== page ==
stupefy

[stoo-puh-fahy, styoo-]
verb (used with object), stupefied, stupefying.
1.
to put into a state of little or no sensibility; benumb the faculties of; put into a stupor.
2.
to stun, as with a narcotic, a shock, or a strong emotion.
3.
to overwhelm with amazement; astound; astonish.

Origin:
1590–1600; < Middle French stupefierLatin stupefacere to benumb, equivalent to stupe-, stem of stupēre to be numb or stunned + facere to make, do1; see -fy

stupefiedness [stoo-puh-fahyd-nis, -fahy-id-, styoo-] , noun
stupefier, noun
stupefyingly, adverb
unstupefied, adjective
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World English Dictionary
stupefy (ˈstjuːpɪˌfaɪ)
 
vb , -fies, -fying, -fied
1.  to render insensitive or lethargic
2.  to confuse or astound
 
[C16: from Old French stupefier, from Latin stupefacere; see stupefacient]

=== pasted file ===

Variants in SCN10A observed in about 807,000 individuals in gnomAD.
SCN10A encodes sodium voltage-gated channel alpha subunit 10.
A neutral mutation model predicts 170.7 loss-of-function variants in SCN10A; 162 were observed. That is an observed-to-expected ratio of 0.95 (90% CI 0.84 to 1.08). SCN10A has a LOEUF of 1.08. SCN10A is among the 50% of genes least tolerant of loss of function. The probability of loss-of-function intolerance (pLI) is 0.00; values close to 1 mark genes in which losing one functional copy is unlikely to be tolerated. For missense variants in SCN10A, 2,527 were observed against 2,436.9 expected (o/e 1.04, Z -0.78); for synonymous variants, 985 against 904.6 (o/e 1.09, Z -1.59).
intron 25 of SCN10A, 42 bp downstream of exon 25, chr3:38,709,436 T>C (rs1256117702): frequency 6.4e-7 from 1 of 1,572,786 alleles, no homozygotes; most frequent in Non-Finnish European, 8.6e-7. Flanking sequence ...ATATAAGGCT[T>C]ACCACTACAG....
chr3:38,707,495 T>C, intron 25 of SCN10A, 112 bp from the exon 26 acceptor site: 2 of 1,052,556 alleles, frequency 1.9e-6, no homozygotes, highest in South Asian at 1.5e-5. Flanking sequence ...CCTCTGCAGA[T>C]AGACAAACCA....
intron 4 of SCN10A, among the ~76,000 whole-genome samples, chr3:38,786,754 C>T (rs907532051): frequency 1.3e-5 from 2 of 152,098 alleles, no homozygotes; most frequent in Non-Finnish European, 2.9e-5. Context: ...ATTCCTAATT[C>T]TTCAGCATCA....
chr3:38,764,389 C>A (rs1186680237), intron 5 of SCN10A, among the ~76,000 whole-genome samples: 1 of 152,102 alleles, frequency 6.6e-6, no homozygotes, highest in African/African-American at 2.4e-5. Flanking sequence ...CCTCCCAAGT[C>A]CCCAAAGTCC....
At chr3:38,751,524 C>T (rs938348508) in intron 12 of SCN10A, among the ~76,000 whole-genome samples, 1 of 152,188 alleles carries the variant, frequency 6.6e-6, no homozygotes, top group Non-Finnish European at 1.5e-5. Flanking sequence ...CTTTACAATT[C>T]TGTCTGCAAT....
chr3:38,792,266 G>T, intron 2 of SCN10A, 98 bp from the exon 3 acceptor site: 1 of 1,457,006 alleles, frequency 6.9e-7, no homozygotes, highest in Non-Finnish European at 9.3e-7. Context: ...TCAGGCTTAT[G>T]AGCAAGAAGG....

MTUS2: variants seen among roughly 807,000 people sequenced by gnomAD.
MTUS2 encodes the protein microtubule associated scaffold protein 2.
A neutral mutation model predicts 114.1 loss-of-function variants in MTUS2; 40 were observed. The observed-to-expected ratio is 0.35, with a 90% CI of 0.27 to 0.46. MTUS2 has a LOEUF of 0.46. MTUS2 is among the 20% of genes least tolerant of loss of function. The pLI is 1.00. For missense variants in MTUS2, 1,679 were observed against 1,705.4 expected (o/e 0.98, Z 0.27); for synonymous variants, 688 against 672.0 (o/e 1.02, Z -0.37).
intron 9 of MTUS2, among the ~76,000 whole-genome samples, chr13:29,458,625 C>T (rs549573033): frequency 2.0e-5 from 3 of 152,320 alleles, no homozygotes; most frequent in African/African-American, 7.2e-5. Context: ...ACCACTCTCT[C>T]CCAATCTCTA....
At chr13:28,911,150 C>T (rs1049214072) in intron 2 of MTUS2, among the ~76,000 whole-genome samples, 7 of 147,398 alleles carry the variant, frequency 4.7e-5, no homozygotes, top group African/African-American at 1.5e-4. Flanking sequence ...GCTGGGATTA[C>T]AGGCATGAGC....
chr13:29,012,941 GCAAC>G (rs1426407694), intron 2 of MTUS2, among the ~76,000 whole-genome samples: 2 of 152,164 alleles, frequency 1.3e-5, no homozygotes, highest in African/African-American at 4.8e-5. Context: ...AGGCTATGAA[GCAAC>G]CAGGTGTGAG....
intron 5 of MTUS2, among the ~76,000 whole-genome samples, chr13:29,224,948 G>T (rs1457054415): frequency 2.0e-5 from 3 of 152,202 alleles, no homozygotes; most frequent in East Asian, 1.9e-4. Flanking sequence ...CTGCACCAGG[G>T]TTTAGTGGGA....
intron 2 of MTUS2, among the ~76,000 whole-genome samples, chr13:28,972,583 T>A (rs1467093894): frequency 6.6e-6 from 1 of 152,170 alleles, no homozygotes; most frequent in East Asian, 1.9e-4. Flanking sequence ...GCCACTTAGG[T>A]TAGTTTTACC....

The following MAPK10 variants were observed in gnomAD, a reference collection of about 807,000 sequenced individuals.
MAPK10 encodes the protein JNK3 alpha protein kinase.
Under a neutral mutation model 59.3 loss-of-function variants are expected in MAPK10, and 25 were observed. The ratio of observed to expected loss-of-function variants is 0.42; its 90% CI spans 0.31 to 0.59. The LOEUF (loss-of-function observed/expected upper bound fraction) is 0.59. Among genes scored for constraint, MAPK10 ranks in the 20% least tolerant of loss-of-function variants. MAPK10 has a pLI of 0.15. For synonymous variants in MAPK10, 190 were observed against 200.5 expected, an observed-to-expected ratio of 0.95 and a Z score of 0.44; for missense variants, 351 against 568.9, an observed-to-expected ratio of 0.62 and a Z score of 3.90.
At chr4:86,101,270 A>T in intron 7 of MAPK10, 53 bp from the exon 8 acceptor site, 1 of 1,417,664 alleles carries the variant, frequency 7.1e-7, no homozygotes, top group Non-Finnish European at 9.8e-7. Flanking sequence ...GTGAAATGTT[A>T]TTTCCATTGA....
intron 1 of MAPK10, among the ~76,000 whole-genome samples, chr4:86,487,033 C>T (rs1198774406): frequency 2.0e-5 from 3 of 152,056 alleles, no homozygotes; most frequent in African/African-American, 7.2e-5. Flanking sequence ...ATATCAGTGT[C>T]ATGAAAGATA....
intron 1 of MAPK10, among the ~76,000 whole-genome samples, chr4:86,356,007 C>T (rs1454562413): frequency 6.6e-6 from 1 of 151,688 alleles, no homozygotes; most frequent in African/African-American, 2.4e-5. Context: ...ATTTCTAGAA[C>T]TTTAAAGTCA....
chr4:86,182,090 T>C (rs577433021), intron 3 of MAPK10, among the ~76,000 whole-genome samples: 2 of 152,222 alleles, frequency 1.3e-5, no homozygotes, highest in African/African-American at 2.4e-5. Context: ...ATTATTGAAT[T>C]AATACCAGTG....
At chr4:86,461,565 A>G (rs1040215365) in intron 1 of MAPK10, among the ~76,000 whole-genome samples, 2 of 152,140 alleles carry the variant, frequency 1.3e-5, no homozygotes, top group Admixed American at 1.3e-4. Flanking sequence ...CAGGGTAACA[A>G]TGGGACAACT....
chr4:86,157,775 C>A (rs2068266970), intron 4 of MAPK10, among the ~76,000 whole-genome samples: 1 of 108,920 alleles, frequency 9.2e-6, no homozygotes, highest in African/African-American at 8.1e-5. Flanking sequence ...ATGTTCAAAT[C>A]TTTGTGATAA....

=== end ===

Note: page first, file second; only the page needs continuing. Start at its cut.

'stupefier
 
n
 
'stupefying
 
adj
 
'stupefyingly
 
adv

Collins English Dictionary - Complete & Unabridged 10th Edition
2009 © William Collins Sons & Co. Ltd. 1979, 1986 © HarperCollins
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Etymonline
Word Origin & History

stupefy
1513 (implied in pp. stupefact), from M.Fr. stupéfier, from L. stupefacere "make stupid or senseless," from stupere "be stunned" (see stupid) + facere "to make" (see factitious).
Online Etymology Dictionary, © 2010 Douglas Harper
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Example sentences
Later on, the seniors went outside and handed water to stupefied people shuffling uptown.
Surplus countries are simply stupefied by their plight.
The three adventurous companions were surprised and stupefied, despite their scientific reasonings.
They were alone, they were older, they were stupefied by the demands of language.
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